What Is Mino Ware?
Mino Ware (美濃焼) is one of the major ceramics in Japan. It is from Toki City, Gifu Prefecture. It is considered that the history of Mino Ware was started about 1300 years ago. The shipment of Mino Ware makes up 62 percent of the whole ceramic shipment in Japan, and its shipment value accounts for 44 percent of the entire value of ceramic shipment in Japan. As you can see from the numbers, Mino Ware is spread among many Japanese families. It is not too much to say that the majority of ceramics we often see at home and in restaurants is Mino Ware. Nowadays, Mino Ware is known as very simple and reasonable ceramic, moreover, it is sometimes considered that the feature of Mino Ware is not having features. However, it thrived as unique and gorgeous work before. (The history and changes of Mino Ware will be covered in the following paragraphs.)
The History – How Did It Become Present Mino Ware?
It is considered that the history of ceramics in present Gifu Prefecture was started in the Asuka period (ca. 592-710). The pottery, which was baked in this time, was very hard and called Sueki, the beginning of present Mino Ware. In the Heian period (ca.794-1185), Mino Ware was started to get glazed with Kai-yu (ash glaze), and it was used as dishes and containers for food storage among aristocrats. It was the Kamakura period (ca. 1185-1333) when Mino Ware was started to spread among the common people. In this era, Yama-jawan (unglazed ceramics) was started to be baked, and it was kept producing throughout the following era called the Muromachi period (ca. 1336-1573). In the Sengoku period (ca. 1467-1590), ceramists started to bake new kinds of Mino Ware, for example, Tenmoku-chawan (bowls glazed with Tenmoku glaze) and earthenware mortars. The biggest change for Mino Ware happened in the Azuchi-Momoyama period (ca. 1573-1603). Since the tea ceremony culture was flourished in this era, ceramists of Mino Ware created ceramics for that too. The typical Mino Ware at the time was called Setoguro, Kizeto, and Shino. These three types have been popular and praised since then. Besides these three kinds, many people have been fond of Oribe and Ofuke, the other kinds of Mino Ware that were started to be baked in the beginning of the Edo period (ca. 1603-1868). They are also ceramics for the tea ceremony. In the latter half of the Edo period, porcelain appeared in Mino Ware. Mino porcelain is made of local clay called Gairome clay. This clay is mixed with feldspar and silica rock. At the same time, a beautiful blue color painting called Sometsuke was also started. In the Meiji period (ca. 1868-1912), transcription techniques were invented for Mino Ware, and it made possible mass production. On the other hand, great works of ceramists were still thriving. Their amazing works were highly regarded overseas, and it leads to the export of Mino Ware. However, over through the Meiji period into the Showa period (ca. 1926-1989), Mino Ware had been faced a crisis – Mino Ware had been declined like other Japanese ceramics had been. From this time, ceramists decided to focus on baking dishes and plates more for daily life, not for arts. As you can see from the number of Mino Ware shipment, this decision led them to survive and even success. Furthermore, ceramists decided to introduce a division of labor system to lower costs. Nowadays, ceramists put more effort to arrange traditional designs for modern taste. Mino Ware is still improving every day.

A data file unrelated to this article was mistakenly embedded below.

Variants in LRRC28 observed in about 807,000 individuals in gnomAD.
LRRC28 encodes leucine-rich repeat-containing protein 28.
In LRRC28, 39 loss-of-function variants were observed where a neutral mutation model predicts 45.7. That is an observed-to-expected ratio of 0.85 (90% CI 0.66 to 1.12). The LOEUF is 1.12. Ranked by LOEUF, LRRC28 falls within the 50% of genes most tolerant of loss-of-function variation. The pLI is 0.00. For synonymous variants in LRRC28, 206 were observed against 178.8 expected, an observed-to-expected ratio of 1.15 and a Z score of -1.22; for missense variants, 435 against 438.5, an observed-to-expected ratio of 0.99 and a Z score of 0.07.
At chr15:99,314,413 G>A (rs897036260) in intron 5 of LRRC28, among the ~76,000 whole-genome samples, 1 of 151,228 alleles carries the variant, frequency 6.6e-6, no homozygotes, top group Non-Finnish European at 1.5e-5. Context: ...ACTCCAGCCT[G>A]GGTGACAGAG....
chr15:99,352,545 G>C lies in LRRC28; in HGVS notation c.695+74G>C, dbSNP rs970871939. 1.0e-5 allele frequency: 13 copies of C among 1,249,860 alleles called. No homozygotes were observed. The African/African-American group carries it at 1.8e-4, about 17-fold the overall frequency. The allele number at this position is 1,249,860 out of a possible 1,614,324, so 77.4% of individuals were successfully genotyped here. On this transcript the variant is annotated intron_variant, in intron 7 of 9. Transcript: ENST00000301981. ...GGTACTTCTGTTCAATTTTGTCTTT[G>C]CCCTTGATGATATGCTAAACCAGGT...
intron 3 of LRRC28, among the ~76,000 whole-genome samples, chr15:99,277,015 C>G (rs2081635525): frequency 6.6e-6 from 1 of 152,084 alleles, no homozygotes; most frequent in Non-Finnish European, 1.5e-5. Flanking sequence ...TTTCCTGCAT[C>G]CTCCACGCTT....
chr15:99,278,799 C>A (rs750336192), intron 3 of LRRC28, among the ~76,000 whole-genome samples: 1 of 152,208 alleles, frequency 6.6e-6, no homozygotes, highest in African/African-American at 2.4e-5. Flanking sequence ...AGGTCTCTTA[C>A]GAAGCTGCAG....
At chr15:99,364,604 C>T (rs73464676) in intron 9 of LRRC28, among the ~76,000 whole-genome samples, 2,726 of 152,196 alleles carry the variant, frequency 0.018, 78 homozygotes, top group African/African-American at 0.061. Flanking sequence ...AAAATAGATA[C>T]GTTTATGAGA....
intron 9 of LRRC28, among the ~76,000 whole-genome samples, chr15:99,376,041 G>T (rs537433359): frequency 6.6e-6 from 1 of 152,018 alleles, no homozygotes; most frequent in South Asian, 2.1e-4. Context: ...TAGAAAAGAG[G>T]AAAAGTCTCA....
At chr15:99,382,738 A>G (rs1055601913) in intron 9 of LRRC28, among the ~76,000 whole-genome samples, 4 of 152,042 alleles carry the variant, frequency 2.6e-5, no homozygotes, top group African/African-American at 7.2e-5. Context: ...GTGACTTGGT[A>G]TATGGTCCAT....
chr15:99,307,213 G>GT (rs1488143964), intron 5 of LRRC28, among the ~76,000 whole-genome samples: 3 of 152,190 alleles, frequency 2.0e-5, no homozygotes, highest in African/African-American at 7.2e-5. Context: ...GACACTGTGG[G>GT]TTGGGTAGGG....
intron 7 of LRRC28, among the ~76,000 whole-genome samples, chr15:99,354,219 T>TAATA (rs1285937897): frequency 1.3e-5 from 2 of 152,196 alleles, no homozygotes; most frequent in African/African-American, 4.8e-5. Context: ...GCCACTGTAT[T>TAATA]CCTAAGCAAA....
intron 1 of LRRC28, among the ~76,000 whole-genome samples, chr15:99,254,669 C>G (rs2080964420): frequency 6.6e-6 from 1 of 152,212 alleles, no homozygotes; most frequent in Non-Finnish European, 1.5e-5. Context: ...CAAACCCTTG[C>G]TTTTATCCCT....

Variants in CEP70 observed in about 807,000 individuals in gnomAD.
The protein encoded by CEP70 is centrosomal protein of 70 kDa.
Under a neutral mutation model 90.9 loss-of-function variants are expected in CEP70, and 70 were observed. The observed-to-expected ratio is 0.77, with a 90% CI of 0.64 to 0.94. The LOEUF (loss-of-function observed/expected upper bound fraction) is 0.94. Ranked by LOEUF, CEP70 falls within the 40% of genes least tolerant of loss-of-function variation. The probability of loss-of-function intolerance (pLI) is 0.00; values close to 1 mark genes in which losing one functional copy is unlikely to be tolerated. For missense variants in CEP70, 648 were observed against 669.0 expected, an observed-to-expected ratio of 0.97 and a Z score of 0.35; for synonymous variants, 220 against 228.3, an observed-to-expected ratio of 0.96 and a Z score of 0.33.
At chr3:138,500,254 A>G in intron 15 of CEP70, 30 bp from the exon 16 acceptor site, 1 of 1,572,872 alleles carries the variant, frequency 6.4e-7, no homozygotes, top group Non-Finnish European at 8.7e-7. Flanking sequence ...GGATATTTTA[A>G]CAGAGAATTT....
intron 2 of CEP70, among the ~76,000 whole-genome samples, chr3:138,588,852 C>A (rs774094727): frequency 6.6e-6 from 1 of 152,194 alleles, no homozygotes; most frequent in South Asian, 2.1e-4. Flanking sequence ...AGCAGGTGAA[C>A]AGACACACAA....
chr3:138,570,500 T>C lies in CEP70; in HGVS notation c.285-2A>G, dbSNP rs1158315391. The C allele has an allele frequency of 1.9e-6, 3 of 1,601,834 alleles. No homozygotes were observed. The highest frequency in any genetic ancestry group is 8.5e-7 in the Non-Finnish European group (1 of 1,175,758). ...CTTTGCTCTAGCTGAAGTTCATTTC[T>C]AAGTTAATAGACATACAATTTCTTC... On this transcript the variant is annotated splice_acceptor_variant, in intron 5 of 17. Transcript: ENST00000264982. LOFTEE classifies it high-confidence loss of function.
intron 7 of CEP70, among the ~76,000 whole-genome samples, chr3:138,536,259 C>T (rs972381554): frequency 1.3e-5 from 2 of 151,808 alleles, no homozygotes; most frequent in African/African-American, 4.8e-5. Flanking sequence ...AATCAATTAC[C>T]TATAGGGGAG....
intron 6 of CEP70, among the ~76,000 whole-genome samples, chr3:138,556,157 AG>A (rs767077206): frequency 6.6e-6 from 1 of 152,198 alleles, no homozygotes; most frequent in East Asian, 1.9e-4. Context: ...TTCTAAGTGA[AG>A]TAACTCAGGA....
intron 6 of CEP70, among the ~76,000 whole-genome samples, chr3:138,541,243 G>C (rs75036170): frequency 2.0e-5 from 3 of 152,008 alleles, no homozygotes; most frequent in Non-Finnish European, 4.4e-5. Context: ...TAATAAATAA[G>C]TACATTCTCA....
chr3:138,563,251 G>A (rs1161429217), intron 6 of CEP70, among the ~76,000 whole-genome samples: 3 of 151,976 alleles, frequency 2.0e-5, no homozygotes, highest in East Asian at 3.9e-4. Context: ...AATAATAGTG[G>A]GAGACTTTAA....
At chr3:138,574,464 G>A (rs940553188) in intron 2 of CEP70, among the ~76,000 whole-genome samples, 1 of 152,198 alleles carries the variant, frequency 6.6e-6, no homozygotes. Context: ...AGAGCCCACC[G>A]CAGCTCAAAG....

The Features – The Origin of Present Simple Mino Ware